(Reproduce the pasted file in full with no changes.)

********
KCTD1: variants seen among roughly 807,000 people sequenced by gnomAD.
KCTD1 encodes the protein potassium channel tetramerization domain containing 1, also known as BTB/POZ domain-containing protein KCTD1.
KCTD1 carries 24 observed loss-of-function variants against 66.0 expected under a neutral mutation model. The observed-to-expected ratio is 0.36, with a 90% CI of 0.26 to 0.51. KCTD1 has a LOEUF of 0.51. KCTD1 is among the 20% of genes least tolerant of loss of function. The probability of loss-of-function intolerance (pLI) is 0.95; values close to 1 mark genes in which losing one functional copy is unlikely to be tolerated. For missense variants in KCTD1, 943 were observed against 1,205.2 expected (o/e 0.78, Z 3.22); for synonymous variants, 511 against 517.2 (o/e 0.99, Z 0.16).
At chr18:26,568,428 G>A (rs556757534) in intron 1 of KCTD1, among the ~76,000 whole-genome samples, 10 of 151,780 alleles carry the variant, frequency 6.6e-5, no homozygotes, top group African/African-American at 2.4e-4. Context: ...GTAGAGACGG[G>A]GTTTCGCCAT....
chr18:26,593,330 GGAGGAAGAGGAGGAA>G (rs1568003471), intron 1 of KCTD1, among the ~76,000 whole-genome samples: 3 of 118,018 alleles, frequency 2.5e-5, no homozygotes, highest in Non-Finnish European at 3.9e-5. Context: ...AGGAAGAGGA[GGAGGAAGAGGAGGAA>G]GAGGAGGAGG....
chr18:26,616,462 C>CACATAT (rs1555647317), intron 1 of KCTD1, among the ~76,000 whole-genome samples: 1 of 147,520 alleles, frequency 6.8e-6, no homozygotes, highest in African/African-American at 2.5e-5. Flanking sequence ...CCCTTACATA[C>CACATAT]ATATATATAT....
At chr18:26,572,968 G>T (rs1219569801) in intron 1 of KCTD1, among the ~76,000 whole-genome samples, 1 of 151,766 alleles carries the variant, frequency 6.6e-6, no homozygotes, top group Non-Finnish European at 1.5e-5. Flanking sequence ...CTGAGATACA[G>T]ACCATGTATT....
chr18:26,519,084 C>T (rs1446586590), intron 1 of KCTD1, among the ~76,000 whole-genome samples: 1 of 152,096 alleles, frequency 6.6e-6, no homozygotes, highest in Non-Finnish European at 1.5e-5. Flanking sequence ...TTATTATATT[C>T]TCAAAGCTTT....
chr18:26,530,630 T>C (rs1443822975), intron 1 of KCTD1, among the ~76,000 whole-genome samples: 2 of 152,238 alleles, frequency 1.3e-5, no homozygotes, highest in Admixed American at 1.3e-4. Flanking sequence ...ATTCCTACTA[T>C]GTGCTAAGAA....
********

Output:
KCTD1: variants seen among roughly 807,000 people sequenced by gnomAD.
KCTD1 encodes the protein potassium channel tetramerization domain containing 1, also known as BTB/POZ domain-containing protein KCTD1.
KCTD1 carries 24 observed loss-of-function variants against 66.0 expected under a neutral mutation model. The observed-to-expected ratio is 0.36, with a 90% CI of 0.26 to 0.51. KCTD1 has a LOEUF of 0.51. KCTD1 is among the 20% of genes least tolerant of loss of function. The probability of loss-of-function intolerance (pLI) is 0.95; values close to 1 mark genes in which losing one functional copy is unlikely to be tolerated. For missense variants in KCTD1, 943 were observed against 1,205.2 expected (o/e 0.78, Z 3.22); for synonymous variants, 511 against 517.2 (o/e 0.99, Z 0.16).
At chr18:26,568,428 G>A (rs556757534) in intron 1 of KCTD1, among the ~76,000 whole-genome samples, 10 of 151,780 alleles carry the variant, frequency 6.6e-5, no homozygotes, top group African/African-American at 2.4e-4. Context: ...GTAGAGACGG[G>A]GTTTCGCCAT....
chr18:26,593,330 GGAGGAAGAGGAGGAA>G (rs1568003471), intron 1 of KCTD1, among the ~76,000 whole-genome samples: 3 of 118,018 alleles, frequency 2.5e-5, no homozygotes, highest in Non-Finnish European at 3.9e-5. Context: ...AGGAAGAGGA[GGAGGAAGAGGAGGAA>G]GAGGAGGAGG....
chr18:26,616,462 C>CACATAT (rs1555647317), intron 1 of KCTD1, among the ~76,000 whole-genome samples: 1 of 147,520 alleles, frequency 6.8e-6, no homozygotes, highest in African/African-American at 2.5e-5. Flanking sequence ...CCCTTACATA[C>CACATAT]ATATATATAT....
At chr18:26,572,968 G>T (rs1219569801) in intron 1 of KCTD1, among the ~76,000 whole-genome samples, 1 of 151,766 alleles carries the variant, frequency 6.6e-6, no homozygotes, top group Non-Finnish European at 1.5e-5. Flanking sequence ...CTGAGATACA[G>T]ACCATGTATT....
chr18:26,519,084 C>T (rs1446586590), intron 1 of KCTD1, among the ~76,000 whole-genome samples: 1 of 152,096 alleles, frequency 6.6e-6, no homozygotes, highest in Non-Finnish European at 1.5e-5. Flanking sequence ...TTATTATATT[C>T]TCAAAGCTTT....
chr18:26,530,630 T>C (rs1443822975), intron 1 of KCTD1, among the ~76,000 whole-genome samples: 2 of 152,238 alleles, frequency 1.3e-5, no homozygotes, highest in Admixed American at 1.3e-4. Flanking sequence ...ATTCCTACTA[T>C]GTGCTAAGAA....